Brandon Phillips on sat 23 mar 02
Hey ya'll, one more query. I'm looking for a nice black tenmoku that has a
nice fluidity to it. I used to make one with a local slip and wood ash, but
the slip is proving to be more and more unreliable. It looked great running
into other glazes, similar to Richard Batterhams work. I'd prefer one using
wood ash, if anyone can give me a starting point it would be sooooo helpful.
Thanks in advance!
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Dave Finkelnburg on sun 24 mar 02
In "A Potter's Book," Bernard Leach lists using 62 to 68% of a 4-3-2-1
base plus about 10% red iron oxide, 12.5% silica, 9.5 to 17% ash. The base
is 40 feldspar, 30 quartz, 20 limestone, 10 kaolin.
Use with care! The base glaze is very stable up to cone 10. However,
even at the low end of the iron and ash addition the glaze becomes low in
alumina and silica and will want to run. Leach called it a cone 8 to 10
Hope this gives you a starting point for testing!
Dave Finkelnburg in Idaho, contemplating a skiff of fresh snow and
wondering if that's excuse enough to head for the studio instead of the
orchard where the fruit trees are begging to be pruned....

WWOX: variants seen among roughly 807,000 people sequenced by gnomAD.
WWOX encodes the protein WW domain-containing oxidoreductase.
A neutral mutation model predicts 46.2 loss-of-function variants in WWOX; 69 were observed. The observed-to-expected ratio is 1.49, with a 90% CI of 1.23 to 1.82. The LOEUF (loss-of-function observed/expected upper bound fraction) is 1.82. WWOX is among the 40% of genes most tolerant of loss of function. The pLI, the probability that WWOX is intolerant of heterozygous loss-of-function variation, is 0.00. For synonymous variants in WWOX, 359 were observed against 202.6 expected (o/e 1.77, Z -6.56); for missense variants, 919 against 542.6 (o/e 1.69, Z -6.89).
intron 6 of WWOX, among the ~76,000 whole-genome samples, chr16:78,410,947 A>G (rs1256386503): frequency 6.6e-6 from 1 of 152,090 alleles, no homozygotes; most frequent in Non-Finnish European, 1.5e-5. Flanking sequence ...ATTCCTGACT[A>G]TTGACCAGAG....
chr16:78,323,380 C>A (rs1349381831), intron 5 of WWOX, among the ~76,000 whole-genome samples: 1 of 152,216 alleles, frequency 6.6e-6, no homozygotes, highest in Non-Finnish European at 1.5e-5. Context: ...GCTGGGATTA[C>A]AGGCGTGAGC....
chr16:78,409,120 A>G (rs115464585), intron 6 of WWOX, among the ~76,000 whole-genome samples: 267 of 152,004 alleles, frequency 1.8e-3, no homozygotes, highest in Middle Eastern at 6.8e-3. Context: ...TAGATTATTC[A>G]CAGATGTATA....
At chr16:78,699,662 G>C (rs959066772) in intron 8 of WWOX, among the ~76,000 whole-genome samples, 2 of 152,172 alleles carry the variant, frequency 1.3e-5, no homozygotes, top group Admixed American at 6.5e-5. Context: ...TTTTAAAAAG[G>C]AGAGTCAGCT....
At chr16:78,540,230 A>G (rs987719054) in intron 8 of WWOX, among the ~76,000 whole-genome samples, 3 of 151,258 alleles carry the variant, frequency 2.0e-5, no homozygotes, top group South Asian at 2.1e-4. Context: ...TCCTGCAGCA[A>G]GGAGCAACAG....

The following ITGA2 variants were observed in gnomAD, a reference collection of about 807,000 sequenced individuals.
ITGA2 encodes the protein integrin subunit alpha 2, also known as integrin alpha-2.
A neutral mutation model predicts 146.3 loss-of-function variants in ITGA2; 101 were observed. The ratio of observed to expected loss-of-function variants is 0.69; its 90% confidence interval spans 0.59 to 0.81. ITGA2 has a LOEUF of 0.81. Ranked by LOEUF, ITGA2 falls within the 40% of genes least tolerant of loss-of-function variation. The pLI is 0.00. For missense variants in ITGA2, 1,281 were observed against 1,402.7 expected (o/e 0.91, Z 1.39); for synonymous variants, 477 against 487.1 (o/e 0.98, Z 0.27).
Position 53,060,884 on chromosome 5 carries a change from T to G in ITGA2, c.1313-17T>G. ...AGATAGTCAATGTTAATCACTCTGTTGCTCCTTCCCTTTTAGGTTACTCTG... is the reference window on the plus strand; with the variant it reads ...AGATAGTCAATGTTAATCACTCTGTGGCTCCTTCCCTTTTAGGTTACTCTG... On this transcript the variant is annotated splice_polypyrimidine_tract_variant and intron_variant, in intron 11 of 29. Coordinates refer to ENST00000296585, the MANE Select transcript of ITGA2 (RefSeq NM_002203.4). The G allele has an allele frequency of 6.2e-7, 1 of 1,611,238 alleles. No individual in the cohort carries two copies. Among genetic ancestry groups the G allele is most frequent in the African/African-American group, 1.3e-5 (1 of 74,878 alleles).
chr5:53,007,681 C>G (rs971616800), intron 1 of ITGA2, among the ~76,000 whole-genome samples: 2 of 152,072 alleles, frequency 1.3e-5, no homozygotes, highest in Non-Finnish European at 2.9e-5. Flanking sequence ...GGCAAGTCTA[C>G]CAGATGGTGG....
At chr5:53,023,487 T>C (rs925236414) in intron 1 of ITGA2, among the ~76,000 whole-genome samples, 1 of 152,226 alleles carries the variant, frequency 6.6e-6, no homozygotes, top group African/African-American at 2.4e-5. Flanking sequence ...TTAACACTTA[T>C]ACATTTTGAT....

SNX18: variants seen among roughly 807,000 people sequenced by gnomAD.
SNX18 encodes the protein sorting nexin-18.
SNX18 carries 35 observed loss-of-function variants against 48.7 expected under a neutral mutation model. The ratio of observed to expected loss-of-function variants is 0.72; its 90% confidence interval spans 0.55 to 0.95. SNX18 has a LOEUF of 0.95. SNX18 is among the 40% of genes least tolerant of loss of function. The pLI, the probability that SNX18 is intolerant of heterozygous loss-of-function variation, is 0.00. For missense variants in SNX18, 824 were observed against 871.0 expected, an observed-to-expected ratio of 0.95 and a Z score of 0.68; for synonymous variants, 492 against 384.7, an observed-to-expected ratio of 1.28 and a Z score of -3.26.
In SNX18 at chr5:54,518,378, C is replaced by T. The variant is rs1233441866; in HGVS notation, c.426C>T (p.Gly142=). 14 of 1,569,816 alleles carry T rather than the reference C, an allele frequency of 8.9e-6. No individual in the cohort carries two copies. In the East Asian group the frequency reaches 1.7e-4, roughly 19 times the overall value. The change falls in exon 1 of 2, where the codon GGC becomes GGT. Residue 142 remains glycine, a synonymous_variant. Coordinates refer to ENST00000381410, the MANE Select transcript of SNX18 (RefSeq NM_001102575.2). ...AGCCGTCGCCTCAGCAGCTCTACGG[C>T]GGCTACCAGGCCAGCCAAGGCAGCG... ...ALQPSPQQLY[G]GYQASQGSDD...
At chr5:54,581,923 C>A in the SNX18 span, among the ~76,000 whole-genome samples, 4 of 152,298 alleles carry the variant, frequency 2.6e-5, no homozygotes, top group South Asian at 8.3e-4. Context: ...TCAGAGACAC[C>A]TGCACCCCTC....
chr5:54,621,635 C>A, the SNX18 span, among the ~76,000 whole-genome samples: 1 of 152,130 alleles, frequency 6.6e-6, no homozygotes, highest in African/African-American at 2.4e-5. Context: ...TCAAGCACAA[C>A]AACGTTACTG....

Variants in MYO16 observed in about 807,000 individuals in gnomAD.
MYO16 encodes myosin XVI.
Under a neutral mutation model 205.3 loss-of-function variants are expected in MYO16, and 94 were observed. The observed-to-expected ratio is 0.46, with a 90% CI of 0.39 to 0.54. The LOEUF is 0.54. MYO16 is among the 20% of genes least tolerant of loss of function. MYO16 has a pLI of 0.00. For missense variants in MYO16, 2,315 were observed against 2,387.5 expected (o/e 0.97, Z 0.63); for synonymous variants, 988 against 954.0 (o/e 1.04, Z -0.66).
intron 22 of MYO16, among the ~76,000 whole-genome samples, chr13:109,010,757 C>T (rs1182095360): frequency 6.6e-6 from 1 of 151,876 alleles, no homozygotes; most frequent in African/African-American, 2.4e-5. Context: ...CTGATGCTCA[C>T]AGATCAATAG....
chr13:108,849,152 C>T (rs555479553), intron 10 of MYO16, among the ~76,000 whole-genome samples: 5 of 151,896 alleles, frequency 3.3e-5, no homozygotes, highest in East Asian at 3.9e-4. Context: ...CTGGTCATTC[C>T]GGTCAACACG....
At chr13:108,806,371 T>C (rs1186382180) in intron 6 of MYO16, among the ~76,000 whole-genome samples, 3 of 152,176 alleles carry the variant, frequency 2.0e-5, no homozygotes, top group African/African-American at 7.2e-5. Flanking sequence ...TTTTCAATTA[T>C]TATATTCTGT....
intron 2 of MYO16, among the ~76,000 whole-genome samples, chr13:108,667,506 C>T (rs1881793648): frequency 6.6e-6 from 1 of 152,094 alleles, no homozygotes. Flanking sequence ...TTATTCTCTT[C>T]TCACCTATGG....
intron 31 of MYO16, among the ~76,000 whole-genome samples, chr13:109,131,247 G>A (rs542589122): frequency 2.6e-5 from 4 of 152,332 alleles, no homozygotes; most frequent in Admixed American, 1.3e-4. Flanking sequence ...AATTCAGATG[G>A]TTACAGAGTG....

From: Brandon Phillips
>I'm looking for a nice black tenmoku that has a
>nice fluidity to it.
Jeff Van Den Broeck on mon 25 mar 02
If I'm well informed Batterham's glaze called by you 'fluid tenmoku' could
be a glaze with manganese. I don't think you can keep your tenmoku black on
top of another ash or ironglaze. But if somebody has succeeded I would also
like to hear about it.
Jeff van den Broeck
PS I'll be without Clayart-email for the next two months, so if somebody
has an answer about this fluid tenmoku, could he or she send a copy of the
answer to my private email address.
At 11:52 PM 3/23/2002 -0600, you wrote:
>Hey ya'll, one more query. I'm looking for a nice black tenmoku that has a
>nice fluidity to it. I used to make one with a local slip and wood ash, but
>the slip is proving to be more and more unreliable. It looked great running
>into other glazes, similar to Richard Batterhams work. I'd prefer one using
>wood ash, if anyone can give me a starting point it would be sooooo helpful.
>Thanks in advance!
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Jeff van den Broeck
P.O.Box 1099, Baguio City 2600